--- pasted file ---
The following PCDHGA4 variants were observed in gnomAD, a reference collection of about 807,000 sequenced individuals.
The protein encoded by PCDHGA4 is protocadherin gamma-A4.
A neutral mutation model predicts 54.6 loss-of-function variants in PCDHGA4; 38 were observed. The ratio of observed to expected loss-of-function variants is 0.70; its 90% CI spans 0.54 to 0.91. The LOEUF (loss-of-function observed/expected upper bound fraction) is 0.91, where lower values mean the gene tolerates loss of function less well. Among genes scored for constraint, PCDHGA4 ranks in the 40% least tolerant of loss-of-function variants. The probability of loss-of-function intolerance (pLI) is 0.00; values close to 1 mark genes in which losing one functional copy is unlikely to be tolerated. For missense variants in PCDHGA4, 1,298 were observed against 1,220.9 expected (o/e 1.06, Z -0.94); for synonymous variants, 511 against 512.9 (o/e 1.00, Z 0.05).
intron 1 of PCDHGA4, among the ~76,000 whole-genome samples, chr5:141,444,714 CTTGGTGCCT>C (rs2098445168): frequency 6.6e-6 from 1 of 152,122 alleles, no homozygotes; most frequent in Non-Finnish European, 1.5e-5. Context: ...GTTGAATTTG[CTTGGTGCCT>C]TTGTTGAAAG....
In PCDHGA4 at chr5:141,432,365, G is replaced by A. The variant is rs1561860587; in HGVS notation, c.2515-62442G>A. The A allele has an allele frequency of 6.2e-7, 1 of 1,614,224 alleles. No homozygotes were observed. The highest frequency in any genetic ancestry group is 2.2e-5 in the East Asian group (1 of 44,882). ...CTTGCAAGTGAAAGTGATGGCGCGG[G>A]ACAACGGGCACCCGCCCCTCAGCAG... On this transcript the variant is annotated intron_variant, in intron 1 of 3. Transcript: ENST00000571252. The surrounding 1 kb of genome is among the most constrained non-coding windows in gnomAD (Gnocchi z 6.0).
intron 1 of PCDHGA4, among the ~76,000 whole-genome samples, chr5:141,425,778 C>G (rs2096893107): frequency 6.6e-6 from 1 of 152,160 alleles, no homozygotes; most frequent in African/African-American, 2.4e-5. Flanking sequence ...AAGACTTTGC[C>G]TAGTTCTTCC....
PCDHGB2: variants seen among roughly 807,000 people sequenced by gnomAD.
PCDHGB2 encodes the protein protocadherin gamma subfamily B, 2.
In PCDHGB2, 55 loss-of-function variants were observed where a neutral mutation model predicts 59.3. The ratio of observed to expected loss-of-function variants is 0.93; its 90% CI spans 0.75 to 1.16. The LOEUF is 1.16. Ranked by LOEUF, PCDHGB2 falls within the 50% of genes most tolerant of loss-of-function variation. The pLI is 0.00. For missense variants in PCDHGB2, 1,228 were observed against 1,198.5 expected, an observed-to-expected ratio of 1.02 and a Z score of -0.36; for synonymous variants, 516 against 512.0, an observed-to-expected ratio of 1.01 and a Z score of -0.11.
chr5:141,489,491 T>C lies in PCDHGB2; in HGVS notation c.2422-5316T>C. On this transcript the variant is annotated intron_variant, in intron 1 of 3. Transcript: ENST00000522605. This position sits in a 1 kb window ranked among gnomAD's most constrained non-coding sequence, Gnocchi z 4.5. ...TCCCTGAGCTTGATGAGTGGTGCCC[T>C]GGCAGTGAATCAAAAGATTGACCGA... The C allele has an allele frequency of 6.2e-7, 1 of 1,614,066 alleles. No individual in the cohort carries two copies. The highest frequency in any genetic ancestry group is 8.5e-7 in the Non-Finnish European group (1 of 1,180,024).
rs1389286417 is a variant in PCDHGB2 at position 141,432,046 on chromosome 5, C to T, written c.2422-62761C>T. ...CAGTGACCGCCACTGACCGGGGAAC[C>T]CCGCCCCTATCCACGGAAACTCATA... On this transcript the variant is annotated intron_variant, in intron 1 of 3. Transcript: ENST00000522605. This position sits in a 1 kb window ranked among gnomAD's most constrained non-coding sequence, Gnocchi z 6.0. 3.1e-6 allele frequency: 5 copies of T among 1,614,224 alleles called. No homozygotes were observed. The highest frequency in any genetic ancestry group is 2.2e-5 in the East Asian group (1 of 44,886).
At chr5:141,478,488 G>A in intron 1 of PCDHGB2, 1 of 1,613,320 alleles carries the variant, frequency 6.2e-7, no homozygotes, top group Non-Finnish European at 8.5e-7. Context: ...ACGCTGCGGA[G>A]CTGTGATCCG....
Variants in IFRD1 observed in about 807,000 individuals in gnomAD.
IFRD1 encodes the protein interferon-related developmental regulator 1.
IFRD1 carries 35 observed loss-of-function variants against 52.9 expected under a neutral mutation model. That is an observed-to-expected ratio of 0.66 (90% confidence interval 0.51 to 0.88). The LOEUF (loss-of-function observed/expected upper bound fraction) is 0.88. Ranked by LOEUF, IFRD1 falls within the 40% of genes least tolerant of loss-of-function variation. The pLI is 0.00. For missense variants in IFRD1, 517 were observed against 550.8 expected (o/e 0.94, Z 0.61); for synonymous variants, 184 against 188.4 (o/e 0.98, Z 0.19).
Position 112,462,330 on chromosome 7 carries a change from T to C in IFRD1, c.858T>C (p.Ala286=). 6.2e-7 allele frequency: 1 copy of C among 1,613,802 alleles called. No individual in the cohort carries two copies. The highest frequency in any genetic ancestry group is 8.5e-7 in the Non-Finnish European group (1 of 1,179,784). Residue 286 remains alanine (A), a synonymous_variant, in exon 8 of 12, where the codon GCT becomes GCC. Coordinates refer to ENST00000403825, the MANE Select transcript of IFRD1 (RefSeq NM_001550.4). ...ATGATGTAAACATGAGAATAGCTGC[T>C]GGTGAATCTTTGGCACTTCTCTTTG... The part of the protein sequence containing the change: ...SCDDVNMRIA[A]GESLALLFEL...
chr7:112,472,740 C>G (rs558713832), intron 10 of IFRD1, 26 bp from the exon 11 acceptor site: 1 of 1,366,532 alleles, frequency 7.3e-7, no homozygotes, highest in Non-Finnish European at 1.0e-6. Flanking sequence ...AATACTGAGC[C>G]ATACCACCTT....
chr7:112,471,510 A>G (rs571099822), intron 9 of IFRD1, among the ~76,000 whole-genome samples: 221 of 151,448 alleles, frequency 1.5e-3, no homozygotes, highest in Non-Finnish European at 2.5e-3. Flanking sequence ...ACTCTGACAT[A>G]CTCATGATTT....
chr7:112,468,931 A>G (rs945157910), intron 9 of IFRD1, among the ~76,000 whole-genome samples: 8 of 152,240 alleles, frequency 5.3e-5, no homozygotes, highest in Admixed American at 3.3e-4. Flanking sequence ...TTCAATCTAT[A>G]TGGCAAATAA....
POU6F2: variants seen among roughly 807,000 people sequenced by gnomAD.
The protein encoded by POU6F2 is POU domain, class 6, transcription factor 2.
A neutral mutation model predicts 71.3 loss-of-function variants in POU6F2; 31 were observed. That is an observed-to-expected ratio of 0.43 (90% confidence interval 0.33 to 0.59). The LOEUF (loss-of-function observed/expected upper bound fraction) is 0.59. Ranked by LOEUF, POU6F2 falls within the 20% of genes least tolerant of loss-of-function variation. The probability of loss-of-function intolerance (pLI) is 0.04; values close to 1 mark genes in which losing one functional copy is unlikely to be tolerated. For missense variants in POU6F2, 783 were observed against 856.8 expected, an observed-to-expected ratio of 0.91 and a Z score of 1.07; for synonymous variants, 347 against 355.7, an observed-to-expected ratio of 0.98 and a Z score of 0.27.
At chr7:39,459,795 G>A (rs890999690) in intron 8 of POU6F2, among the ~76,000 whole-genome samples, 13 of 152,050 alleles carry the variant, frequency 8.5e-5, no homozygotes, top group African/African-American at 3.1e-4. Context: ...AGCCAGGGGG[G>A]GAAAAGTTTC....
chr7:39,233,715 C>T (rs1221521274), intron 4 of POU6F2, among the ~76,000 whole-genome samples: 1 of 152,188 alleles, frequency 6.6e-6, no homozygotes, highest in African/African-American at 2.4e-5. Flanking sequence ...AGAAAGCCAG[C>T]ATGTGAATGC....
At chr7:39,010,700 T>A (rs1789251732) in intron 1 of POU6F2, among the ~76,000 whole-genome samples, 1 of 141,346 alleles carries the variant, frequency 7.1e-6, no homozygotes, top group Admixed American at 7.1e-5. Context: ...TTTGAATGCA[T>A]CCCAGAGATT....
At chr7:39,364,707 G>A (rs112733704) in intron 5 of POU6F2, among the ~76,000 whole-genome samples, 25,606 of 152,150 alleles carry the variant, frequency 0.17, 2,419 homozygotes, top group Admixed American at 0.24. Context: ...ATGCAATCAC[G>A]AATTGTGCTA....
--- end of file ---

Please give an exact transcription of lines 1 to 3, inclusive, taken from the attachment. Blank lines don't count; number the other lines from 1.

The following PCDHGA4 variants were observed in gnomAD, a reference collection of about 807,000 sequenced individuals.
The protein encoded by PCDHGA4 is protocadherin gamma-A4.
A neutral mutation model predicts 54.6 loss-of-function variants in PCDHGA4; 38 were observed. The ratio of observed to expected loss-of-function variants is 0.70; its 90% CI spans 0.54 to 0.91. The LOEUF (loss-of-function observed/expected upper bound fraction) is 0.91, where lower values mean the gene tolerates loss of function less well. Among genes scored for constraint, PCDHGA4 ranks in the 40% least tolerant of loss-of-function variants. The probability of loss-of-function intolerance (pLI) is 0.00; values close to 1 mark genes in which losing one functional copy is unlikely to be tolerated. For missense variants in PCDHGA4, 1,298 were observed against 1,220.9 expected (o/e 1.06, Z -0.94); for synonymous variants, 511 against 512.9 (o/e 1.00, Z 0.05).